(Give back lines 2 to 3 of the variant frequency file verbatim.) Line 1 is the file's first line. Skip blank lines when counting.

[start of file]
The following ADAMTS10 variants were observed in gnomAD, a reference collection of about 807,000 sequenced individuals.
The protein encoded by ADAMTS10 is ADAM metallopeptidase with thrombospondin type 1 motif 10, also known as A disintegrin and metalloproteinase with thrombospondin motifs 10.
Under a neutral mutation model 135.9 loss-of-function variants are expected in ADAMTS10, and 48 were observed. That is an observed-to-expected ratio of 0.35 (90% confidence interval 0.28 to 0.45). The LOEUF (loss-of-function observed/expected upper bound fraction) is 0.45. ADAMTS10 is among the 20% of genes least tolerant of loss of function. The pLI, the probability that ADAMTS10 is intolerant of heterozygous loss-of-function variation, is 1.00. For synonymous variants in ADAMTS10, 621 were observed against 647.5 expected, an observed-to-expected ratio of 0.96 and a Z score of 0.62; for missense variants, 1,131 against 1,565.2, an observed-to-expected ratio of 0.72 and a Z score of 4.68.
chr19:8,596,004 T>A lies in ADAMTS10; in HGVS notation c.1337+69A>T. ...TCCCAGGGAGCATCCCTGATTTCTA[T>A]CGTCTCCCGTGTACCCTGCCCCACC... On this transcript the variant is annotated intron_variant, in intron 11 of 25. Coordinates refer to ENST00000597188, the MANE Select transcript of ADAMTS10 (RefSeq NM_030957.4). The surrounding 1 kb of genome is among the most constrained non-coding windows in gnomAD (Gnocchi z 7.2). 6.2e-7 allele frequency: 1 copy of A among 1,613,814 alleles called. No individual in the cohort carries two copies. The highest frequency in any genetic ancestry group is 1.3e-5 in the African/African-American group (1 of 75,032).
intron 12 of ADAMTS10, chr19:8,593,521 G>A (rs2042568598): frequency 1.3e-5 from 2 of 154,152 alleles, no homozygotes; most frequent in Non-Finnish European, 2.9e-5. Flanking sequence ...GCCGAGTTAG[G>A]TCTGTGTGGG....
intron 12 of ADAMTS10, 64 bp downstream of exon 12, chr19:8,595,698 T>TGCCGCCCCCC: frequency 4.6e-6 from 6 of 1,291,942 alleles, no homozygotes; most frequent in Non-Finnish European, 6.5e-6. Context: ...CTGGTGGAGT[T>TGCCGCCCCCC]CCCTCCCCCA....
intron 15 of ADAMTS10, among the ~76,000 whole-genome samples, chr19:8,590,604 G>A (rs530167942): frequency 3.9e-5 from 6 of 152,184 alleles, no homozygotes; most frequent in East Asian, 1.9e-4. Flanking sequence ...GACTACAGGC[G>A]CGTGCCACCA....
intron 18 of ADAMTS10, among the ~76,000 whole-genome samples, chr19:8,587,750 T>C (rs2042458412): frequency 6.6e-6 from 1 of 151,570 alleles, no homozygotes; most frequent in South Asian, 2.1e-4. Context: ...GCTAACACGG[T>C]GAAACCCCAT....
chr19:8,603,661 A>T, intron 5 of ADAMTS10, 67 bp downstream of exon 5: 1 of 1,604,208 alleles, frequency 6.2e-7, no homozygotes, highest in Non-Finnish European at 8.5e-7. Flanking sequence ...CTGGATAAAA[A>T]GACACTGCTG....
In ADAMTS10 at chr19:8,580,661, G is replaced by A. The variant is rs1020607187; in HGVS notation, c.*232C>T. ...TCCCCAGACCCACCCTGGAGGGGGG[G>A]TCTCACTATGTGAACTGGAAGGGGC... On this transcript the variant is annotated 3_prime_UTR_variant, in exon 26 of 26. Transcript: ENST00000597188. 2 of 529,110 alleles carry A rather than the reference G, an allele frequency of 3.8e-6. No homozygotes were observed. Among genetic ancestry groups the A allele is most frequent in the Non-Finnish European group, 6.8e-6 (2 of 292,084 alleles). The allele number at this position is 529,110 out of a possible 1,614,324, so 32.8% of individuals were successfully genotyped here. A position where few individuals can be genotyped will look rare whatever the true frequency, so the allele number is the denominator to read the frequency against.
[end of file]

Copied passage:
The protein encoded by ADAMTS10 is ADAM metallopeptidase with thrombospondin type 1 motif 10, also known as A disintegrin and metalloproteinase with thrombospondin motifs 10.
Under a neutral mutation model 135.9 loss-of-function variants are expected in ADAMTS10, and 48 were observed. That is an observed-to-expected ratio of 0.35 (90% confidence interval 0.28 to 0.45). The LOEUF (loss-of-function observed/expected upper bound fraction) is 0.45. ADAMTS10 is among the 20% of genes least tolerant of loss of function. The pLI, the probability that ADAMTS10 is intolerant of heterozygous loss-of-function variation, is 1.00. For synonymous variants in ADAMTS10, 621 were observed against 647.5 expected, an observed-to-expected ratio of 0.96 and a Z score of 0.62; for missense variants, 1,131 against 1,565.2, an observed-to-expected ratio of 0.72 and a Z score of 4.68.